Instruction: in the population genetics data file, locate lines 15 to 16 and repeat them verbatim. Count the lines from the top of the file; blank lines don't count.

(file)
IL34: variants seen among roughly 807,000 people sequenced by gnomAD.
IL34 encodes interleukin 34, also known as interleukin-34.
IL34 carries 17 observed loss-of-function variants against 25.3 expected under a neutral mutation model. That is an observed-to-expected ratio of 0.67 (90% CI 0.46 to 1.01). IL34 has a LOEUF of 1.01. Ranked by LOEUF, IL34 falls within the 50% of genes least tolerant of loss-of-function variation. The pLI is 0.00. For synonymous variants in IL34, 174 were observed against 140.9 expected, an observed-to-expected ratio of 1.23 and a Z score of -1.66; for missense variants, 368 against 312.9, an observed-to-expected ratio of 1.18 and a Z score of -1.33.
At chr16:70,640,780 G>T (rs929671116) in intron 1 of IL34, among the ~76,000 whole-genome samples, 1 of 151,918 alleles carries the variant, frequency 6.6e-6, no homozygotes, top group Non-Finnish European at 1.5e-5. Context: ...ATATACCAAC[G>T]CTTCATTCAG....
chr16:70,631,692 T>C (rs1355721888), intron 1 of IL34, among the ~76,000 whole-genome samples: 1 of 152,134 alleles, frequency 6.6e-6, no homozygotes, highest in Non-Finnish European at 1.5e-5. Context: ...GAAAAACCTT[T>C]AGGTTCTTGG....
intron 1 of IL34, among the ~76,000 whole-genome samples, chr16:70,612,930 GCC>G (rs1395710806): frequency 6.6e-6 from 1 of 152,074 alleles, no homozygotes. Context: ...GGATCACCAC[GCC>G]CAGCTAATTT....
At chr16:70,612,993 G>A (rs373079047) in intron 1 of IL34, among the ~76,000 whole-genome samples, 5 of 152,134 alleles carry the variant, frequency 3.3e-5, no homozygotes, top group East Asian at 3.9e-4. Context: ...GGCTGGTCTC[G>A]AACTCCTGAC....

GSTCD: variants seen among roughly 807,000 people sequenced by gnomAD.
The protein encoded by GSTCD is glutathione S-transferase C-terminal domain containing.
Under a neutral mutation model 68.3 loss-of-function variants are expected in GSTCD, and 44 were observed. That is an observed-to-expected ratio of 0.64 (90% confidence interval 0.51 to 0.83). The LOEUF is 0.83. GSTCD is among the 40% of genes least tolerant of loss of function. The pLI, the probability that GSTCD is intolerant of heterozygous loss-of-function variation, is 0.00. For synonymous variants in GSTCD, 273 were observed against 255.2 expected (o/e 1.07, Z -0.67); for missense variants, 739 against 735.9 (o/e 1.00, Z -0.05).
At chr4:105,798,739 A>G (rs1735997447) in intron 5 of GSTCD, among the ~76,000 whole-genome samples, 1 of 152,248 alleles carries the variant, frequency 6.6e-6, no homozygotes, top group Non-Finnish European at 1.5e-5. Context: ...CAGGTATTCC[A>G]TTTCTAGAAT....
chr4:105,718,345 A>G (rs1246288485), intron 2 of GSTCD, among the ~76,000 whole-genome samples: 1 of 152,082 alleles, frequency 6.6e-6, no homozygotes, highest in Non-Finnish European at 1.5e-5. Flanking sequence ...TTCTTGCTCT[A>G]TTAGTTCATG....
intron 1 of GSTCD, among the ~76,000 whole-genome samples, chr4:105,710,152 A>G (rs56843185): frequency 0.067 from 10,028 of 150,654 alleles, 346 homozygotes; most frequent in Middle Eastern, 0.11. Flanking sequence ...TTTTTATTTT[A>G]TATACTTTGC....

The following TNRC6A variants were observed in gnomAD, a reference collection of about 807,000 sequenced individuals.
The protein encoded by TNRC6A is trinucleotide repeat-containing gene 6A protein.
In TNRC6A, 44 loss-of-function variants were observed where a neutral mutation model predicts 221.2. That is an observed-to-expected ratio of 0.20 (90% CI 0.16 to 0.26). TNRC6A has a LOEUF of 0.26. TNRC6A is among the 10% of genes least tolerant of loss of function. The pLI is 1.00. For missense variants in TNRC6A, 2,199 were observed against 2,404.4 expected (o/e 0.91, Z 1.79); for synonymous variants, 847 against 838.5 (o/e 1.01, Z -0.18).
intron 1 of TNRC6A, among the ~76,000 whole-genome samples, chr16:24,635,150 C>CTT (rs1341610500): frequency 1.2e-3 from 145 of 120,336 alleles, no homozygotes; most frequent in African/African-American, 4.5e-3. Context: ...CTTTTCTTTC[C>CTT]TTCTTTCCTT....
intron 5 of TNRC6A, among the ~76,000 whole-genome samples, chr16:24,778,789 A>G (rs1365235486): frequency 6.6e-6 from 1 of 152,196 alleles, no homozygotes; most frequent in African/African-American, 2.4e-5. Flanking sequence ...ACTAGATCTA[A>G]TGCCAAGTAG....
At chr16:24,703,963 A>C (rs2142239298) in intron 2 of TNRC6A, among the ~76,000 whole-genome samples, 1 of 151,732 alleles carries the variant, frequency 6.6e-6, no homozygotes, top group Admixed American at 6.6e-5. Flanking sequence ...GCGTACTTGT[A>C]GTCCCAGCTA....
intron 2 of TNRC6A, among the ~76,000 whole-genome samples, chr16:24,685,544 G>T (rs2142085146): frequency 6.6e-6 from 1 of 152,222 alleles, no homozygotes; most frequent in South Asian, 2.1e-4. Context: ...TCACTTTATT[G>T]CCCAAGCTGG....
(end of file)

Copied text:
The protein encoded by TNRC6A is trinucleotide repeat-containing gene 6A protein.
In TNRC6A, 44 loss-of-function variants were observed where a neutral mutation model predicts 221.2. That is an observed-to-expected ratio of 0.20 (90% CI 0.16 to 0.26). TNRC6A has a LOEUF of 0.26. TNRC6A is among the 10% of genes least tolerant of loss of function. The pLI is 1.00. For missense variants in TNRC6A, 2,199 were observed against 2,404.4 expected (o/e 0.91, Z 1.79); for synonymous variants, 847 against 838.5 (o/e 1.01, Z -0.18).